“Embarrassing situations are especially common when trying something new, a requirement inside any company interested in innovating.”— Misti Burmeister

Whenever we try something new, we risk embarrassing ourselves. But accomplishing great things requires taking risks, and cultures that embrace failure are the ones where innovation and growth happens.

Look how many Google products have come and gone.

I learned this lesson a few weeks ago, at my first open water swimming event.

While most rookies – particularly those who only learned how to swim 15 weeks ago – opt for the one-mile open water swim, I wanted to challenge myself even more. Since this course was a loop, I figured I could simply get out of the water at the one or two mile mark, if I simply couldn’t finish.

I arrived super early that morning, full of nervous energy. After signing in, I proceeded to walk around in circles, talk to people, peek at the water, and do anything I could to ignore the fear I felt in the pit of my stomach.

About 40 minutes prior to start time, I pulled out the wetsuit I had borrowed and started putting it on. This particular wetsuit was well used, with duct tape holding it together just above the right knee, which I thought looked cool – until I couldn’t get that part up my leg without tearing the tape.

Several minutes later, I finally had the wetsuit on and was in the starting area with my swim angel, Kevin, and about 50 others, when I asked him, “What do I do if I have to pee?”

A swim angel, by the way, swims with you, ensuring you are OK and keeping you on track.

“You can wait until you get in the water, or you can just go in your wetsuit now,” he said.

“I can pee in the wetsuit here, and no one will know?”

“Right. It will come out once you get in the water.”

“Are you sure?”

“Yep, you’ll be fine,” he said calmly.

“OK, I’m going to pee now,” I said.

Suddenly, the guy directly behind me leapt backward as if to get away from me quickly.

Curious about his commotion, I looked back, only to be mortified by the realization that he was jumping away from the pee shooting straight out of the back of my wetsuit.

Oh, God … I’m so sorry,” I said, turning to protect him from the leak I’d sprung. That’s when I realized it was shooting out the little holes in my leg, too. Yikes!

Embarrassed, I looked to Kevin for what to do. Just then, Caroline, a woman I had learned to swim with, came walking up.

“Oh, gosh, Caroline, be careful,” I said, “I just peed in my suit.”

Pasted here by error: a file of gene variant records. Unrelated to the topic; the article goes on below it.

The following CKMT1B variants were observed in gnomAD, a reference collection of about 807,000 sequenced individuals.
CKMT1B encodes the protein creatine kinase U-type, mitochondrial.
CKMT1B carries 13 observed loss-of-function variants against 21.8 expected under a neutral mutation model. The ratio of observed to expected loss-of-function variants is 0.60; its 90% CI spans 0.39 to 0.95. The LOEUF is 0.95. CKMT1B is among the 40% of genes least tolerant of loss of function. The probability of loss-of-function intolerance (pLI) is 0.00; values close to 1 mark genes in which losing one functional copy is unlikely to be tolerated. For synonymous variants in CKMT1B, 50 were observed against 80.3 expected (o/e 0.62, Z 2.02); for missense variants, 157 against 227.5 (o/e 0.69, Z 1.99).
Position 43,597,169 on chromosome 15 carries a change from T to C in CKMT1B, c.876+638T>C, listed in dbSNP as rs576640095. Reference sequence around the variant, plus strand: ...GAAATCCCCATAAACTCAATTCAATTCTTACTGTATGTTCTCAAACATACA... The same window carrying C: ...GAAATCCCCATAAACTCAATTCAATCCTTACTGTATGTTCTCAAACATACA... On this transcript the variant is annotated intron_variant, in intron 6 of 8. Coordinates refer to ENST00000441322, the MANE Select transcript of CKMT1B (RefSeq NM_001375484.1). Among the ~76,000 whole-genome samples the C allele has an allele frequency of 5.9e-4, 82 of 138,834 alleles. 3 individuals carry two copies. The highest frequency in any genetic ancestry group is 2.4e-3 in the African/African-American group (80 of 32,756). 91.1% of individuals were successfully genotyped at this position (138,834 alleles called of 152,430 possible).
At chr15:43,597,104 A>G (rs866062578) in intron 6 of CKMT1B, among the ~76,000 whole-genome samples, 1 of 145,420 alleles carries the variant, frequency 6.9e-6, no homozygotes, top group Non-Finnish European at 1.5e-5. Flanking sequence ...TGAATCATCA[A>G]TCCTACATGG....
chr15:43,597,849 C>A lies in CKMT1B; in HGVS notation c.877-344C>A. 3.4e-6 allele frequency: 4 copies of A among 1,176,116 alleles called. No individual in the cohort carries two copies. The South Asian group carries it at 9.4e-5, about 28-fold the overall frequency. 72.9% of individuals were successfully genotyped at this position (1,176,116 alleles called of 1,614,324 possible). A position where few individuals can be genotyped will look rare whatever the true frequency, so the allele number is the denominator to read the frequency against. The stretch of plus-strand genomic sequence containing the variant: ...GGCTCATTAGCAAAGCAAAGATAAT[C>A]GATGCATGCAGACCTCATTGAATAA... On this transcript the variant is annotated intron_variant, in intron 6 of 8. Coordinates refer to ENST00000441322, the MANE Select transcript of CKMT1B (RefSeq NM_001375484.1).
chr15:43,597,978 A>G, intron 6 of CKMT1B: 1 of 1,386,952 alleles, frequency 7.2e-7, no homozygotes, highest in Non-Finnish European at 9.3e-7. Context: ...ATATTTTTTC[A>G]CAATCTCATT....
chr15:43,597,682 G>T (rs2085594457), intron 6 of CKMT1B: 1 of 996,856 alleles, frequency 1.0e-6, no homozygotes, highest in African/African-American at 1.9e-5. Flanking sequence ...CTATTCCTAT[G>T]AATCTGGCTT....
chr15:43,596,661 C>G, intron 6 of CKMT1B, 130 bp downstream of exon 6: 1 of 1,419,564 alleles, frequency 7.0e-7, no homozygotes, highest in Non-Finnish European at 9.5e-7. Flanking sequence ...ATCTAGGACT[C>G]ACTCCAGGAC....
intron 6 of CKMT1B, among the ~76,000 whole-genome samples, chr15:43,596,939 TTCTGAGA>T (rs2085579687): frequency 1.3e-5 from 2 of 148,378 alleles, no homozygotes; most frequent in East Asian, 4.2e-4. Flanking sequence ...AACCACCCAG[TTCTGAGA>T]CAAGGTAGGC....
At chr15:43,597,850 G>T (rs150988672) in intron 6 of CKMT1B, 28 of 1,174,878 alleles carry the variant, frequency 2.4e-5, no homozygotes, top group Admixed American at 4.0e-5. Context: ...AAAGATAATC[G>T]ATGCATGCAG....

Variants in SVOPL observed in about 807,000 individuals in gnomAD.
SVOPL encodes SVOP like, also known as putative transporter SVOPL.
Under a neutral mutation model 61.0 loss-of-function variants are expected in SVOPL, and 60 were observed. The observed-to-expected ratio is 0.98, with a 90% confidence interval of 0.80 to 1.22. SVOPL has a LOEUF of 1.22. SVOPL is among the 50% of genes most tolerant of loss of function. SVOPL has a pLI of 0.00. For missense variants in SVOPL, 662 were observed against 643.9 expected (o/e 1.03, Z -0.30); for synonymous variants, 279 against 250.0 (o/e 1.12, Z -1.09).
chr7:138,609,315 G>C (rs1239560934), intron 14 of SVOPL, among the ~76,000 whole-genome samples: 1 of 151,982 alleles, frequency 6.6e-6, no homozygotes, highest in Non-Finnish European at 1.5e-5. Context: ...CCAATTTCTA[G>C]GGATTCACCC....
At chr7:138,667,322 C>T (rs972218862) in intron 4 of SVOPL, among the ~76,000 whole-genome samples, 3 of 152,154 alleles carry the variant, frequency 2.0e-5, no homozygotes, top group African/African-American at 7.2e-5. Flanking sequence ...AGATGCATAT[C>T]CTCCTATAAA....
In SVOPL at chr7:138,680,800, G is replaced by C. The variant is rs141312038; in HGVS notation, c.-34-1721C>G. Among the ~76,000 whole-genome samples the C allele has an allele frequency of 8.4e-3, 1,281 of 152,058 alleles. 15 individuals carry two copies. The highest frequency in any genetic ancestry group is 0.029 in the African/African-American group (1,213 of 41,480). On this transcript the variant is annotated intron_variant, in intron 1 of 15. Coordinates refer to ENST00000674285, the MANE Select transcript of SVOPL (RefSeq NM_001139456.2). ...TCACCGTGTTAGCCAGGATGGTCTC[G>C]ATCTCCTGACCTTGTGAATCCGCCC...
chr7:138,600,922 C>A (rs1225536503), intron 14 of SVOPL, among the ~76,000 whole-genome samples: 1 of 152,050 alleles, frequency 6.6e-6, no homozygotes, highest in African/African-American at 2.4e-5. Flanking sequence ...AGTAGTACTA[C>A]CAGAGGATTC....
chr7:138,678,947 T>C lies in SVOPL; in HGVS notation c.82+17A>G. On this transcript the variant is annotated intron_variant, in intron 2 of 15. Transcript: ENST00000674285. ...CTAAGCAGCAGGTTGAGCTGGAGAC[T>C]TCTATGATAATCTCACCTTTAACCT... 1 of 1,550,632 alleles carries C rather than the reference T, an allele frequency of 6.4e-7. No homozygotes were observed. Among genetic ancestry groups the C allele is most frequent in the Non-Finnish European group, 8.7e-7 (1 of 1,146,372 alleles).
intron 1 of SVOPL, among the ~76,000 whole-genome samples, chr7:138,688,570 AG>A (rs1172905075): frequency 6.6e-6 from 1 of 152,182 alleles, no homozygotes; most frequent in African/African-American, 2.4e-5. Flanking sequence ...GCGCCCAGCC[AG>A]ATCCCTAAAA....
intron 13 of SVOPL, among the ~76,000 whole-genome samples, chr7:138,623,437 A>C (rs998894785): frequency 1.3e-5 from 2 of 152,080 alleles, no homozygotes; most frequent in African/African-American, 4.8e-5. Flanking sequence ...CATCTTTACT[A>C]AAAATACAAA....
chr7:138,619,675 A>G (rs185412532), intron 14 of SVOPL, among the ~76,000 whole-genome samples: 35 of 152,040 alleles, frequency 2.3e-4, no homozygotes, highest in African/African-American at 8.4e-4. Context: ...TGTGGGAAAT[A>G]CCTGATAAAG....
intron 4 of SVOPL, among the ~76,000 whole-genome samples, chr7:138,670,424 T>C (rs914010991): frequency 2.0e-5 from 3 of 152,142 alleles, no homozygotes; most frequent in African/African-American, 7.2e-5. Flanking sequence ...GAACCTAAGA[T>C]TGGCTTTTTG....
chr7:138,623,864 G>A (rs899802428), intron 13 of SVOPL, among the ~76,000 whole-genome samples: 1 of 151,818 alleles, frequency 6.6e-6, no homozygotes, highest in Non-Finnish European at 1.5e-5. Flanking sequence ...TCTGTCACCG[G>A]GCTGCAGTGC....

With a straight face and caring voice (abnormal for Caroline-the-trash-talker), she said, “That’s normal.”

“Oh God,” I thought. “She thinks I peed myself because I’m nervous. That’s even more embarrassing … I think.”

“No, no,” I said. But the announcer drowned out my story about how Kevin told me to do it, and instructed us to begin the swim.

What Caroline knew, that I didn’t, was that peeing in your wetsuit – at least in the open water swim world – is quite normal. It takes forever to get the thing on, and you can’t exactly run in and out of the bathroom quickly.

And equipment malfunctions are also part of the deal – thankfully!

It seemed a little gross – and a lot embarrassing. But no one commented or snickered, and a few minutes later all concerns about my leaky wetsuit were gone as I made my way into the water.

Kevin and Caroline understood the culture of these kinds of events and made it a point to help me feel comfortable with an otherwise embarrassing situation.

Naturally, embarrassing situations are especially common when trying something new, a requirement inside any company interested in innovating. When you don’t know what you’re doing, or are unsure about the outcome you’ll create, failure – and thus embarrassment – are part of the deal.

Cultures – corporate or otherwise – that encourage failure, wind up with people who are willing to endure embarrassment to achieve something greater. Does yours? How do you know?

JOIN THE CONVERSATION: How does your team/company encourage innovation? Have you ever tried something new that didn’t work out? How did you handle it?

Thanks to Dexter Britain and Gillycuddy for their music contribution and LN Lurie for producing this podcast.

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